Rocks store information about the temperatures that they have experienced. Wageningen University researchers and international colleagues are the first to develop a method that reveals low-temperature information (from 35 °C and higher) on a relatively short timescale of thousands of years. The new method might find application in locating geothermal reservoirs and in maintaining underground tunnels.
Photo top right corner: Benny Guralnik (on the right) doing fieldwork in Alaska (Photo: Jean-Daniel Champagnac)
The deeper you go into the Earth, the warmer it gets. But how warm exactly can differ from location to location, for example because of snowmelt infiltration or a warm aquifer amidst the rocks. Luminescence can retrieve the temperatures that the rocks have experienced over thousands of years. The technique is based on trapped electrons that build up in crystals under the competing influences of natural radioactivity and heat. It is a fine balance, and small changes in temperature cause large changes in the signal intensity. The signal can be extracted in the laboratory by light.
Together with international colleagues, Benny Guralnik, formerly at ETH-Zürich and now working for the Netherlands Centre for Luminescence dating (NCL) at Wageningen University, and Christina Ankjærgaard of the NCL developed the first method that can translate a signal in rocks that have experienced low temperatures (between 35 and 80 degrees Celsius) in the upper two kilometres of the Earth. Because of the new translation method, luminescence measurements on rock samples can give unique recent information about past temperatures, dating back 10,000 to 100,000 years.
Existing methods provide information on timescales of millions of years, for deeper Earth layers and higher temperatures. Temperature measurements obtained from direct drilling do not provide this information either. Guralnik: “When we measure temperature in a drill hole with instruments, we get an indication of the temperature at that particular moment, but the drilling itself and the circulating waters often disturb the outcome. When we interpret luminescence signals, we begin to understand truly natural temperatures as averaged over thousands of years.”
In developing the new method, Guralnik reverted to theoretical work of the Austrian-German astrophysicist Fritz Houtermans of the fifties in the past century. Together with colleagues, he then collected a suite of rock samples in an existing drill hole in Southwestern Germany. Here, underground temperatures are well-known from both direct measurements and other methods. With these rock samples he validated the theory in the lab. “It was like making a crossword puzzle. We could check the outcomes in the back of the book to see if our solution was correct.”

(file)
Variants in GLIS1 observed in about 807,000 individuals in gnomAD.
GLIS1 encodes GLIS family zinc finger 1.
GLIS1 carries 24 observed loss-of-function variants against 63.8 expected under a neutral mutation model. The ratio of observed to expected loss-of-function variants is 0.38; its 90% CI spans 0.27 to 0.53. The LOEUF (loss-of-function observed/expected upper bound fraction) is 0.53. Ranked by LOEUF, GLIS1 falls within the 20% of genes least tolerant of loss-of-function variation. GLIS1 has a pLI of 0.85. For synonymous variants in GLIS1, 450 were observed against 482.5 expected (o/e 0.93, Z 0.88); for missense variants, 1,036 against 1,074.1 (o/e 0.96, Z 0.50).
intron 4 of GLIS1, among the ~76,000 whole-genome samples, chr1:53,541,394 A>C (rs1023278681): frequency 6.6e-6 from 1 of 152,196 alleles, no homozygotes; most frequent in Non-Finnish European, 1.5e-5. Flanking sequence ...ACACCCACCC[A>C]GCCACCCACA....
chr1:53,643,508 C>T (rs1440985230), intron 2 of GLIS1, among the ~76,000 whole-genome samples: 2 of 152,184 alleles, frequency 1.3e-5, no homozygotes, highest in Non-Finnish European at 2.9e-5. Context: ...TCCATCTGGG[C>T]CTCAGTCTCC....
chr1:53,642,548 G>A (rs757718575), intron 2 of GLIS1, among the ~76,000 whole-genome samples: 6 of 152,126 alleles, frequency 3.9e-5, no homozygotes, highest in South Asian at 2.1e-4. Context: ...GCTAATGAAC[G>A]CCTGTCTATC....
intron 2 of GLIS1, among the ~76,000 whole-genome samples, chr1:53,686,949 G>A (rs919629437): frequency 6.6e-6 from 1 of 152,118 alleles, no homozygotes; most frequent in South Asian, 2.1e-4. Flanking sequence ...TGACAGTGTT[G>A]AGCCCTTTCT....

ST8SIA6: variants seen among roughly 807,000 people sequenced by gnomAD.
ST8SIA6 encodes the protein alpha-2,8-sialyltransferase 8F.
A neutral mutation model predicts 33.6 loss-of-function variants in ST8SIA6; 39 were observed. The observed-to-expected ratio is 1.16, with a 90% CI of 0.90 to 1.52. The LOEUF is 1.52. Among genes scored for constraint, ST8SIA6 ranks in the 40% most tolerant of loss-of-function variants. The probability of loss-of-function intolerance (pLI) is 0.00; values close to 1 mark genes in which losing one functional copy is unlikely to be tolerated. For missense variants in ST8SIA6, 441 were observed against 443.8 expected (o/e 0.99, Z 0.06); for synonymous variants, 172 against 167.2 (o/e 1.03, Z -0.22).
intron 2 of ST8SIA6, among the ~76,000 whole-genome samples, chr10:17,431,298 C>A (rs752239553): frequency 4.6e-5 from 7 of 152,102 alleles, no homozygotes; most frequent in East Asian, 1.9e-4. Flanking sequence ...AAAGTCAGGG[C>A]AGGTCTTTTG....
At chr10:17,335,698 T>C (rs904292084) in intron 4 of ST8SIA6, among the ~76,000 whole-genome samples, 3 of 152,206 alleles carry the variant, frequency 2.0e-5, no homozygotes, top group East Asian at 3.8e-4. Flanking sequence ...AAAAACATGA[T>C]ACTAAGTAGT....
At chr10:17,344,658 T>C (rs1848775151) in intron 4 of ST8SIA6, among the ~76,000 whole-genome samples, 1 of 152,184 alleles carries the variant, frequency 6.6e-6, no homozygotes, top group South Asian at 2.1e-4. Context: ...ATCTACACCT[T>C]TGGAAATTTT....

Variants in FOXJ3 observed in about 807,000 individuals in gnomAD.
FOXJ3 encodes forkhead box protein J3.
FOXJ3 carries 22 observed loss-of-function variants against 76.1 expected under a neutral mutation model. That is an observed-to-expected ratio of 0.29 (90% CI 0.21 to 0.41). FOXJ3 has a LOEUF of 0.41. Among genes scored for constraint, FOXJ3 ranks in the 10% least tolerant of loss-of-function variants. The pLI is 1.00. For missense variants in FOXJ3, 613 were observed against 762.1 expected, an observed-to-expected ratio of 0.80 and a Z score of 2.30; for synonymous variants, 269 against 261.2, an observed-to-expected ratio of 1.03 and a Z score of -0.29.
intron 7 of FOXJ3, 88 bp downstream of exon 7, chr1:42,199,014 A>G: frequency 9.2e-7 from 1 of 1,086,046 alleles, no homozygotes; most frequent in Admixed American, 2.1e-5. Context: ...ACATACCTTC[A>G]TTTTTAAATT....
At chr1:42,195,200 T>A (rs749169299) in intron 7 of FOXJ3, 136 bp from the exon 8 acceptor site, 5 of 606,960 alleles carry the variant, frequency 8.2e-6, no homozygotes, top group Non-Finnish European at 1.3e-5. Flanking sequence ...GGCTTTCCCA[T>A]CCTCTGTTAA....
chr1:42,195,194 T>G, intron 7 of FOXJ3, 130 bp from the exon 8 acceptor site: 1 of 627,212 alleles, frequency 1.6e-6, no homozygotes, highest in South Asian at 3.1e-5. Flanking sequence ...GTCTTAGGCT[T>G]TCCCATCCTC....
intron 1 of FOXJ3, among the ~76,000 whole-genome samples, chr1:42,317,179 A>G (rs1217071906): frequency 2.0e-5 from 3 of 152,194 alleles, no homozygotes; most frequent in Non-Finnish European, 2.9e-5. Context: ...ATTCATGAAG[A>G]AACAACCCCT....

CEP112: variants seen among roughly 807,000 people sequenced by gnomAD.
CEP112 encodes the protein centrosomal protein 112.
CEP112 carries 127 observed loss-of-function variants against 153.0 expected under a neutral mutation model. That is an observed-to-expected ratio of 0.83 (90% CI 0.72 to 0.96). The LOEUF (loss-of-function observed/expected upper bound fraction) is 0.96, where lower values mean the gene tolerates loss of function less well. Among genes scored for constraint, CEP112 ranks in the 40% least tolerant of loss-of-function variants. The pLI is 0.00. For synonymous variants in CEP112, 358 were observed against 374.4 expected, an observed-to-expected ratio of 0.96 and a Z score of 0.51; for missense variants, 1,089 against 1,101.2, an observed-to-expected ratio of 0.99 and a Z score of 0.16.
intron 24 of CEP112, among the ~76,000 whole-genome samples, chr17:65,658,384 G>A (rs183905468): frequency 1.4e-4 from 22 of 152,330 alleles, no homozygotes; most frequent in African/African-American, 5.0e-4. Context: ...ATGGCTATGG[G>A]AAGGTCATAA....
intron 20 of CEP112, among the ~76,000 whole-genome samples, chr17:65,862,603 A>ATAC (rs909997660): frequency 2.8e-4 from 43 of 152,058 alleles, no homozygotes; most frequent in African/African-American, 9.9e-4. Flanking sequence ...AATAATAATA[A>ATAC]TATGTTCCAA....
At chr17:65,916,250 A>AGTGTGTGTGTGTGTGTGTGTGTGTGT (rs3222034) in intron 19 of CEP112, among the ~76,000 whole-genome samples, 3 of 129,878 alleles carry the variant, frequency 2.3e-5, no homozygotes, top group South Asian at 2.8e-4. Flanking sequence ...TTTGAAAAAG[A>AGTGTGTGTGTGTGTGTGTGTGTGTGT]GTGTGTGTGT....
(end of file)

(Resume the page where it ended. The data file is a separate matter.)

The new method can be applied both above ground and underground, says Guralnik. “Similar to oil prospecting, you can look for underground heat with this method. We still enormously under-exploit geothermal energy, although it is a renewable source of energy.” Another application is the determination of the safety of underground nuclear waste storage. “Nuclear waste both affects and is affected by the temperature of surrounding rocks. The method we developed could help assess that the rocks have not experienced severe temperature changes in the past.”
Another application of the new luminescence method can be for building and maintenance of underground tunnels, as it can potentially help finding weak spots. It can also help climate research and archaeologists, explains Guralnik. “At daytime, desert surfaces can reach temperatures of 70 °C. If you can retrieve the surface temperature as averaged over thousands of years, this could tell you more about the evolving regional climate. Archaeologists might discover more about cooking stones; whether a stone believed to have been used for cooking, was indeed a cooking stone.”
Using seventy year old literature was no abnormality to Guralnik. “According to my father, something new is often something old that has been forgotten. Moreover, it shows the history of science. It easily can take fifty years before an idea yields results. Just as Newton said: ‘If I have seen further, it is by standing on the shoulders of giants.’”
Until the 5 July, Elsevier publishers are offering the article of Guralnik et al, OSL-thermochronometry of feldspar from the KTB borehole, Germany, for free on their website. The article will be published in the scientific journal Earth and Planetary Science Letters in August.